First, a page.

"I went to Jerusalem to become acquainted (Gk. istoria) with Cephas" - Paul's words from Galatians 1:18.

Elegance Is Refusal: The Loss of Class in the West

Something bothered me about President Obama participating in taking a picture of himself and the female Prime Minister at Nelson Mandela's funeral in South Africa. I couldn't quite put my finger on it. I'm no fan of President Obama, but I'm also not one who desires to ridicule our President. I too am unconvinced Michelle Obama was upset with her husband for "flirting" with the Prime Minister as others have conjectured. Truthfully, nobody--including me--knows what was going on in the minds of those in that soccer stadium as the President of the United States, the Prime Ministers of Denmark and Great Britain, and Michelle Obama waited for the funeral of Mandela to conclude. We don't know what the President was thinking, nor do we know what the First Lady was feeling, not to mention the two Prime Ministers. For that reason, it is impossible to assign motives to any of them with complete accuracy.

What we do know is what the President and the Prime Ministers did. We observed their actions. Their deeds communicate much more than their thoughts. They took a selfie picture of themselves at Nelson Mandela's funeral.

After a few days of reflection, I realized what bothered me. These three leaders of the free world seem to possess no class. Class, according to the dictionary, can be defined as "stylish elegance." Coco Chanel once said, "Elegance is refusal." Class involves the ability to say no. President Obama and his two friends possessed no class when it came time to take a selfie.  They might plead ignorance to the fact that even pop culture considers selfies at funerals the height of distaste. What I find inexcusable is the absence of internal and personal systems of control within our western leaders that would lead them to resist the frivolous urge for a selfie.

Ronald Reagan, whether you agreed with his politics or not, was a President with class. He restrained himself in public. If stylish elegance is the ability to refuse then it must be said the photograph taken at Mandel's funeral was neither stylish, nor elegant, nor classy. Why the lack of class?

It's difficult to say. It is an axiom, however, that democratic leaders only reflect the character of her people. America seems to have lost it collective understanding of what it means to be a classy people.


Bob Cleveland said...

I'm wondering who there is, today, to teach class to young people.

The report cards I have from the 40's and 50's all show a grade for "deportment". Vocabulary.com says deportment is "How you dress, speak, look and carry yourself is all part of deportment or demeanor." Report cards now don't seem to include that, so I'm guessing they don't teach it.

My parents .. my family .. taught that to me. Families today don't seem to have the influence they used to, in children's upbringing.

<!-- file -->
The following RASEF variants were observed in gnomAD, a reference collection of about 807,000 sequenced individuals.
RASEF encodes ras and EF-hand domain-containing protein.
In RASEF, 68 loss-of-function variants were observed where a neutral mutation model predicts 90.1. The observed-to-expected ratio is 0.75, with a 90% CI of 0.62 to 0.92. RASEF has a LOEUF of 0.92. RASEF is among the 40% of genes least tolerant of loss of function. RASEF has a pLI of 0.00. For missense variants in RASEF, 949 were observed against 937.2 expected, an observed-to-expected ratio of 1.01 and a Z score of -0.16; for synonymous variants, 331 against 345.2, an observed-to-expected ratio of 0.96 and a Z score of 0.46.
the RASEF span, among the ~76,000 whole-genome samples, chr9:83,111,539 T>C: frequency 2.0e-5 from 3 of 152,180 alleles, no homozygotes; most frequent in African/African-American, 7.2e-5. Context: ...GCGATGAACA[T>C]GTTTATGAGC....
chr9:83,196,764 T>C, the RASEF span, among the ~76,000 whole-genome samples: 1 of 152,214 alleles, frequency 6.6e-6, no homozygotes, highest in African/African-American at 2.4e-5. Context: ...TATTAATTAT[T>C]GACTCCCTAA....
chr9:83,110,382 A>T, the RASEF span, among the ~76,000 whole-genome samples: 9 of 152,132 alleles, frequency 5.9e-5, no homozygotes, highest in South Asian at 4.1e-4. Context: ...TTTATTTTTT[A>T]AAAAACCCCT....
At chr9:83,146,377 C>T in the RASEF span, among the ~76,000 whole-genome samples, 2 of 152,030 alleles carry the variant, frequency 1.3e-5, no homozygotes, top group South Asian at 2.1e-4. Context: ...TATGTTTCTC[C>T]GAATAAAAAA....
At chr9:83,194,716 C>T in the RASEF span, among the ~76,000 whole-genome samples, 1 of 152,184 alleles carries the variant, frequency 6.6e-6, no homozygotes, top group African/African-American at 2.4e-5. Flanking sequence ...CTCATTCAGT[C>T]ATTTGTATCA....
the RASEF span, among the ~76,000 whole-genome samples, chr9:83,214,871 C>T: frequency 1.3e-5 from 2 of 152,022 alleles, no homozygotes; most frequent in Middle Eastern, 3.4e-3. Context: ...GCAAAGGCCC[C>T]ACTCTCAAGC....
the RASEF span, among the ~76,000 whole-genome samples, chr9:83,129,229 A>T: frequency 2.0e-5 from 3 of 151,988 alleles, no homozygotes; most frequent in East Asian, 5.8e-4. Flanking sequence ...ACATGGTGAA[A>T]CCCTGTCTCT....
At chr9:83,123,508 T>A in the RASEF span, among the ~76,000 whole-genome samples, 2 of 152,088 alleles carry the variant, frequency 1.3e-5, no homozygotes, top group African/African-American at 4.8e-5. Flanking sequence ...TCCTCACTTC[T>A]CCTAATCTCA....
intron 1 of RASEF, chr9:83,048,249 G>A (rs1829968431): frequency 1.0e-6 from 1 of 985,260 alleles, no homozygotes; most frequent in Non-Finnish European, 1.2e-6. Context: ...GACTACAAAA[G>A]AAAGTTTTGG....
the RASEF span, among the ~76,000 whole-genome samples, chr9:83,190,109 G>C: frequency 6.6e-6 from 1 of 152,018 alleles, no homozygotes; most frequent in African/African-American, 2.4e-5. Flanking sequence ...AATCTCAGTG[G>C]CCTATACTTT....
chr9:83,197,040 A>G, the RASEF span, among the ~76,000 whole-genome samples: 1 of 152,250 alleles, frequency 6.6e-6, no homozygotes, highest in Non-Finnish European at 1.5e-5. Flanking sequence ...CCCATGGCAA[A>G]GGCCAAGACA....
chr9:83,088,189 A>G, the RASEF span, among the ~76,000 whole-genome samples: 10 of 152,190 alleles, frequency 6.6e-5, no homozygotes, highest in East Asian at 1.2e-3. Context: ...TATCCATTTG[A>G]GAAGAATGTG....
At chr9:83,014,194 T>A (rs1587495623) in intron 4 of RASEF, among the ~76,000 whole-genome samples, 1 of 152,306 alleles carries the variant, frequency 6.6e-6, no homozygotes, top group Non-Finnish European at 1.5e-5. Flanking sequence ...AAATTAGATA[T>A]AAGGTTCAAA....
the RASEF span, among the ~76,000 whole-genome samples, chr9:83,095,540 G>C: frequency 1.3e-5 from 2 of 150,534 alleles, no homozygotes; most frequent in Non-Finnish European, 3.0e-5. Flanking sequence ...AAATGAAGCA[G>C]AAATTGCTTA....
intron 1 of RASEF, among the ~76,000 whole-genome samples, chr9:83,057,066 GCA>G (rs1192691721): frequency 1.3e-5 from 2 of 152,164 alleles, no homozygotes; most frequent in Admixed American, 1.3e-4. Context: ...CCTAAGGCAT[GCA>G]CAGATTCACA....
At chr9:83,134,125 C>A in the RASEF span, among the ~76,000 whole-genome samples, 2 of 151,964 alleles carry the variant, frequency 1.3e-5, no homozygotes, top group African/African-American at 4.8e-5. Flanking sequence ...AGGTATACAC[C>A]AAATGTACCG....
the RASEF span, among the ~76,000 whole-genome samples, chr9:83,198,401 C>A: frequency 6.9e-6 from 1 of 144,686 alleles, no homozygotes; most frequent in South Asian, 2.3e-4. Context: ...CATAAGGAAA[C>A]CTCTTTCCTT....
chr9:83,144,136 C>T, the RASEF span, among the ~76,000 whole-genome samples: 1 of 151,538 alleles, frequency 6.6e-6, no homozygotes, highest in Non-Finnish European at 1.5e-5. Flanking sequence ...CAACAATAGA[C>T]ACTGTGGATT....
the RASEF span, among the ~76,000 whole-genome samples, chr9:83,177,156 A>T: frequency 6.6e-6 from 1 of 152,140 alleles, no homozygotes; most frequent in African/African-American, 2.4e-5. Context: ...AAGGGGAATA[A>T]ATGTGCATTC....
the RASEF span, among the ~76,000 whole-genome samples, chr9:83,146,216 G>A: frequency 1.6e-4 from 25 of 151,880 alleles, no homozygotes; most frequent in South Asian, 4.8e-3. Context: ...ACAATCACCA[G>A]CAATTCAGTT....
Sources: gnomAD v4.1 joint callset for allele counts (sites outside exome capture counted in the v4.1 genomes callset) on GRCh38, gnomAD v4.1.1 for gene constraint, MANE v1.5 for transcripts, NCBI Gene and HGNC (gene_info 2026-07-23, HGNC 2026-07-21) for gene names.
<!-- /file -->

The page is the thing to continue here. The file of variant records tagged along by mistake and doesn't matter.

That sort of leaves churches. And I have to wonder how good we are at doing that, now.

Wade Burleson said...

Great point, Bob.


Have not heard that word used in a long time.

Joe Carr said...

Well stated!

Kristen said...

A little context makes this whole thing a little more understandable:

Obama's Funeral Selfie: This is Why Context Matters

This wasn't at the type of solemn church event which we normally think of when we think "funeral." Calling it a funeral is perhaps a bit misleading, actually, as it was a stadium memorial event with music and dancing. Here's a picture of how some native South Africans were dressed for the event:

Dancing Through Tears, South Africa Bids Farewell to Mandela

And it's worth noting that it wasn't Obama who took the selfie; it was the Danish head of state, and perhaps it would have been undiplomatic of Obama to refuse. Also, my understanding is that Michelle Obama was not actually angry; the pic just caught her at a non-smiling moment.

I'm reserving judgment on this one, folks.

Wade Burleson said...


You make good points. Arguing it was the Danish Prime Minister's idea doesn't take away culpability from the accomplices.

Lawrence Williams said...

Kristen, you make more than good points. You bring proper perspective to the discussion. Your first link shows that Proverbs 18:17 needs to be applied. Thanks for the post.

Kristen said...

Lawrence - Thanks! Wade, it seems to me "accomplices" is a somewhat overly critical word given the circumstances. If you look at my second link, it becomes quite clear that no one was viewing this as a solemn occasion, and it would probably have been considered rude and holier-than-thou if Obama had said, "No, I won't let you take our picture because this is supposed to be a solemn event."

I think it could be interesting to ask oneself, "How much more of the benefit of the doubt would I be giving if this had been a President I had voted for?"

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Anonymous said...

If I'm not mistaken that is Obama's hand also holding the phone taking the picture. That makes him a participant.

Kristen said...

Yes, Obama took hold of the end of the camera and participated in the pic. So what? Since the locals were wearing funny hats and oversized neon-colored glasses, with laughter and silliness, this clearly was not a solemn funeral service, but a joyous memorial celebration. Maybe it's not the way we would have done it in the US, who are we to judge them by our cultural mores? Obama, as far as I can see, was merely following the long-standing good advice: "When in Rome, do as the Romans do."